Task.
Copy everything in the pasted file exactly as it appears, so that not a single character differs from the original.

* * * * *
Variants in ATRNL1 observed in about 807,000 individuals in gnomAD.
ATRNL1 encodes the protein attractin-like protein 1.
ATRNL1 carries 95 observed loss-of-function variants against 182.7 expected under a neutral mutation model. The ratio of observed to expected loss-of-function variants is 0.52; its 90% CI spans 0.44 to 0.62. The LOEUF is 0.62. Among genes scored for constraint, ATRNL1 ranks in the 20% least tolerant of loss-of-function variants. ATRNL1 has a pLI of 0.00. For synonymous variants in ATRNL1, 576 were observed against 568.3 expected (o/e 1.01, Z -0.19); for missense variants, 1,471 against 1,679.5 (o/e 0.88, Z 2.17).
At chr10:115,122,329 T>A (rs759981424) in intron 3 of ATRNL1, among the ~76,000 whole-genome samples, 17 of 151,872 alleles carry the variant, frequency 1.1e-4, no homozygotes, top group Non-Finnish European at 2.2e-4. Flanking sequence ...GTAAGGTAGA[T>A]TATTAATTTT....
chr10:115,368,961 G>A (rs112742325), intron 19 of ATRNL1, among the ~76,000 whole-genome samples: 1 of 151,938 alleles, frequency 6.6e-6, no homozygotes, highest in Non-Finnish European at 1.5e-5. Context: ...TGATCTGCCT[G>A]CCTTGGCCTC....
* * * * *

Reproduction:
Variants in ATRNL1 observed in about 807,000 individuals in gnomAD.
ATRNL1 encodes the protein attractin-like protein 1.
ATRNL1 carries 95 observed loss-of-function variants against 182.7 expected under a neutral mutation model. The ratio of observed to expected loss-of-function variants is 0.52; its 90% CI spans 0.44 to 0.62. The LOEUF is 0.62. Among genes scored for constraint, ATRNL1 ranks in the 20% least tolerant of loss-of-function variants. ATRNL1 has a pLI of 0.00. For synonymous variants in ATRNL1, 576 were observed against 568.3 expected (o/e 1.01, Z -0.19); for missense variants, 1,471 against 1,679.5 (o/e 0.88, Z 2.17).
At chr10:115,122,329 T>A (rs759981424) in intron 3 of ATRNL1, among the ~76,000 whole-genome samples, 17 of 151,872 alleles carry the variant, frequency 1.1e-4, no homozygotes, top group Non-Finnish European at 2.2e-4. Flanking sequence ...GTAAGGTAGA[T>A]TATTAATTTT....
chr10:115,368,961 G>A (rs112742325), intron 19 of ATRNL1, among the ~76,000 whole-genome samples: 1 of 151,938 alleles, frequency 6.6e-6, no homozygotes, highest in Non-Finnish European at 1.5e-5. Context: ...TGATCTGCCT[G>A]CCTTGGCCTC....